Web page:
|[Explaining the different types of plants that grow inside the smart farms/ Photo credits: Jenna Jang]|
In the recent decade, there has been an increase in the severity of environmental problems, and scientists have developed ways to alter our lifestyles to adapt to the changing environment. The examples range from producing paper straws to replace plastic ones to growing food in radically different ways. I became interested in learning more about how we could combine agricultural methods with technology to fight environmental degradation.
One of the major problems with agriculture is that there is a rapid decrease in the number of farmers in Korea. As many people move to the city for a more comfortable life, it becomes hard to rely on the few elder farmers who stayed behind to cultivate food for the whole country. According to Statistics Korea, the farm population was 3.06 million in 2010 but it decreased to 2.31 million in 2018. Meanwhile, the population of Korea is steadily increasing. As shown in the World Population Review, the total Korean population was 49 million in 2010 but it went up to 51 million in 2020. With rapid urbanization and population growth, it is necessary to find a more efficient method to improve crop productivity.
While researching more on this topic, I found out that scientists have been working to develop “smart farms.” Smart farms are farms that don’t need any dirt or workers and only rely on technology to grow food. I visited a smart farm in Korea located in the Sangdo subway station. This smart farm was installed to educate the public about the basics of smart farming.
The farm was divided into two parts: auto farm and a smart farm. The auto farm was entirely operated by machines that determined exactly when the crops should be watered and extracted. Compared to the auto farm, the smart farm had more reliance on human labor. The plants were grown under the most ideal conditions which regulated the pH level and provided necessary nutrients using LED lights and special agricultural water. Also, in order to produce healthy plants, only specialists trained in science could go inside after thorough disinfection. This meant that the plants weren’t exposed to any bacteria.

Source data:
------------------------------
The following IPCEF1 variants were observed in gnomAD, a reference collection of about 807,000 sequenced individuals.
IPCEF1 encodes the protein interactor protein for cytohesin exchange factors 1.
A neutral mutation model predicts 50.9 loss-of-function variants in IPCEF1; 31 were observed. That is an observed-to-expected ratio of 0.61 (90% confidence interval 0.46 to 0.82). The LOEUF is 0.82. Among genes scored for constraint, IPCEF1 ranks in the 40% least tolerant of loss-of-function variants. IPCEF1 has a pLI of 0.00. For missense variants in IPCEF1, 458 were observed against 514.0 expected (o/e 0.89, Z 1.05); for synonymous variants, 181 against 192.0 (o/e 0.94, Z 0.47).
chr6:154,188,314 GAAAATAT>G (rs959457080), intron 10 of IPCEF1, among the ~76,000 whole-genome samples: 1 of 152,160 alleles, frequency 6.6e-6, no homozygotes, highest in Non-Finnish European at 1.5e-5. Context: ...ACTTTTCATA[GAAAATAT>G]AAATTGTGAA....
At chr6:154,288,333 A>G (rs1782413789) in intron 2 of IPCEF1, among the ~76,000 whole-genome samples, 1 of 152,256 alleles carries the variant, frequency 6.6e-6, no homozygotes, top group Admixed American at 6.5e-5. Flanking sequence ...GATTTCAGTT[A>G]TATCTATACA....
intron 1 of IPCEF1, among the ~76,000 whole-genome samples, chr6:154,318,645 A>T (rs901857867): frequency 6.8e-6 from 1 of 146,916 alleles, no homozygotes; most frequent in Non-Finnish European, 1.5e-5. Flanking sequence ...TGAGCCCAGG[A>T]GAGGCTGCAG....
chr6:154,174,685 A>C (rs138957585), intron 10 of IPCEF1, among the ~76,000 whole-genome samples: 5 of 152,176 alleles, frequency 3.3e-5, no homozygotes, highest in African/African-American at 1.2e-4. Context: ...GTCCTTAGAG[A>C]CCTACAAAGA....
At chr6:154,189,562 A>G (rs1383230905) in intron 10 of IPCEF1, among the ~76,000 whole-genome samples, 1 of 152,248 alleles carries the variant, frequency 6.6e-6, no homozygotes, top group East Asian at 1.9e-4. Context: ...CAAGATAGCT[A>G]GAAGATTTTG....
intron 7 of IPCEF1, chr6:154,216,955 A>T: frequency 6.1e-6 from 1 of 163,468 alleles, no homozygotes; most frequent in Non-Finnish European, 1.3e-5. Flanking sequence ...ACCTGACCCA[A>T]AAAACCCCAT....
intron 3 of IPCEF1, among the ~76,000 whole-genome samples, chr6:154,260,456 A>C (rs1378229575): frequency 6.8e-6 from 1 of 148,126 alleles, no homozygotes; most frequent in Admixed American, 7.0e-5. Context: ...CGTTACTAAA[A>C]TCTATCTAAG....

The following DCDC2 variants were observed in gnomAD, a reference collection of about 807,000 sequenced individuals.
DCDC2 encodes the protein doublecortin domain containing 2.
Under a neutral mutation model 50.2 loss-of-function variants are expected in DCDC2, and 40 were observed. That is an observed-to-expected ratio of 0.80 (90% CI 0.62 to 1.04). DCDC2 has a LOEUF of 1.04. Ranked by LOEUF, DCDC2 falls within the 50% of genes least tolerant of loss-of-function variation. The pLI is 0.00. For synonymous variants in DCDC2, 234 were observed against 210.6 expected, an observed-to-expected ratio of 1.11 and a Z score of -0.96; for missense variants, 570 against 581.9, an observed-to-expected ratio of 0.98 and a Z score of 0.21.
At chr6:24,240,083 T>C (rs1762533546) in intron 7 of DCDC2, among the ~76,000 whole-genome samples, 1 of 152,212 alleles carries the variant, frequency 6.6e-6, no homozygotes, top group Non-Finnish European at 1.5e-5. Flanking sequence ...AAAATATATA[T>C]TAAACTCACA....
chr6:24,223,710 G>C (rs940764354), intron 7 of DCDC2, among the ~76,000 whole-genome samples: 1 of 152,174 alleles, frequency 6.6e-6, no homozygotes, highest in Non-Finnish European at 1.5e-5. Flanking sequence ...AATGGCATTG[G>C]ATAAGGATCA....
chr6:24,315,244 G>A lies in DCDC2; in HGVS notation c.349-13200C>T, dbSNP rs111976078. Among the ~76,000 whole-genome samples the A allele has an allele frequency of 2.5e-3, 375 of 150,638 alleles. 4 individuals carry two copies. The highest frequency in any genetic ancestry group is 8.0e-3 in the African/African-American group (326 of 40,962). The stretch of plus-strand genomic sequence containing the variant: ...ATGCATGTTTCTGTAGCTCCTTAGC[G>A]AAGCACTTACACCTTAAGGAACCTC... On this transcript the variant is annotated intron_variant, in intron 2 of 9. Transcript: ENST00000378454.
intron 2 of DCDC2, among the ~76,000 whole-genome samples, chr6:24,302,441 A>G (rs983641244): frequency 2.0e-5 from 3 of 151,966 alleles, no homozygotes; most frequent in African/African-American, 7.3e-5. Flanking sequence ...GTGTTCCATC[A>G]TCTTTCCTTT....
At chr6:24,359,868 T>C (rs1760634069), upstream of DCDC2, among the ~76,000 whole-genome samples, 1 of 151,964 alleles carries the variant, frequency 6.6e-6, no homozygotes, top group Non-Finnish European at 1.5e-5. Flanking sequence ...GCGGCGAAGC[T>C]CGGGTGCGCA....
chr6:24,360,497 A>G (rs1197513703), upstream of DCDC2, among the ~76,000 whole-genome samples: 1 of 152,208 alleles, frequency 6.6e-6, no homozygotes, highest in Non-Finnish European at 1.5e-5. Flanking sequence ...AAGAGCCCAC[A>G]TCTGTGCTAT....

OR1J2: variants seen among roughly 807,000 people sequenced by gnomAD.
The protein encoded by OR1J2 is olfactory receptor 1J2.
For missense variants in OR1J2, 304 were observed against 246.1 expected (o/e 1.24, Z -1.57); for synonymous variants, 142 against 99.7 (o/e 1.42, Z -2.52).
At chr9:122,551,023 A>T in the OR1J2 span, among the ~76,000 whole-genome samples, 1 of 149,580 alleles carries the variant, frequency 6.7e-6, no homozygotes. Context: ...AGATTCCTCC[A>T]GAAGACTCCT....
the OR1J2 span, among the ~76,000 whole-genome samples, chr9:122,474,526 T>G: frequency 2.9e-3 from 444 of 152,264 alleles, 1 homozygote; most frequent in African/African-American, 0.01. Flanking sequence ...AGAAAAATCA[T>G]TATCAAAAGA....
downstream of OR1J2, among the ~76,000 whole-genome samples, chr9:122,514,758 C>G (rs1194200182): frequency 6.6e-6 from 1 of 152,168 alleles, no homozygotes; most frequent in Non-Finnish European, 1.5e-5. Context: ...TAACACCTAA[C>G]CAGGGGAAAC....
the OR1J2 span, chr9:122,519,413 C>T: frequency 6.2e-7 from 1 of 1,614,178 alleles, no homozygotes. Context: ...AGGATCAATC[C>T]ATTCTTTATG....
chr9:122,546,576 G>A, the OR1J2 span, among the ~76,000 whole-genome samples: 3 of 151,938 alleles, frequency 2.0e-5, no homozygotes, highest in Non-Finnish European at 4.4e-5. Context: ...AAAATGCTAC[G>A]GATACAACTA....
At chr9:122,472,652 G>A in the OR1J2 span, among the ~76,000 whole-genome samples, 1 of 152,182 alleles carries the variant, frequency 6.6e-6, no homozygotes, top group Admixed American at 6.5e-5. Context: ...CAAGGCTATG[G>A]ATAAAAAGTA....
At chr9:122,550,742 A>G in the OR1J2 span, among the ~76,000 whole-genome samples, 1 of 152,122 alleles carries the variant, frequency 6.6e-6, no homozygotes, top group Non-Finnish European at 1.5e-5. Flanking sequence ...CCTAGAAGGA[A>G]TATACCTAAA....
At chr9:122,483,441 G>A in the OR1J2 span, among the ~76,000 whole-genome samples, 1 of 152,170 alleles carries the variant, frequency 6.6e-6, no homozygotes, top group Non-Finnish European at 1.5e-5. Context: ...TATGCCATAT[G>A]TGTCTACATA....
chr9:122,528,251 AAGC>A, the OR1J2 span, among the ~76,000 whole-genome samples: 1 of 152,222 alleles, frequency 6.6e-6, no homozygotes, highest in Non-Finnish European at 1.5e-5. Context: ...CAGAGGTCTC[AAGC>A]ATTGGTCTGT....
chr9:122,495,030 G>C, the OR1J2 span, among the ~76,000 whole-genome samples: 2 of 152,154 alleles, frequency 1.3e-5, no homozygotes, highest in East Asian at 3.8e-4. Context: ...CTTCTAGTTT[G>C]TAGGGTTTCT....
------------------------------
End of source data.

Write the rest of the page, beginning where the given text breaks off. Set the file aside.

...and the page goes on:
If smart farms became more widespread, it would provide a solution to the shortage of farmers and increase agricultural productivity. However, it will take significantly more investment and development before that can happen since there still needs to be more research on how to effectively operate a smart farming system. With the continuing interest in smart farms by the public and the government, smart farms can become a gateway to the future of farming and help meet our food needs in environmentally sustainable ways.
In order to gain a clear picture of the smart farming industry, I had an interview with the chief director of public education at the Metro Farm at Sangdo Station. After graduating from college with a major in botany, she chose to gain first-hand experience with the futuristic farming industry and has been working in the field ever since.
“This Metro Farm is the first smart farm in Korea that is completely functional and I wanted to learn more about it while educating youngsters about this new idea. I am not a specialized scientist so I do not have full authority to operate smart farms but my focus is to prepare classes for the public.”
The chief director is currently in charge of different one-hour classes, such as salad making and craft workshops that help people understand more about the science behind smart farming.
|[Jenna Jang interviewing the chief director about her experiences in working at a smart farm.
Photo credits: Jenna Jang]
I would highly recommend taking these fun and inspiring classes offered at Sangdo station. It was indeed a wonderful experience for me.
Sophomore (Grade 10)
Korea International School
Jenna Jang firstname.lastname@example.org
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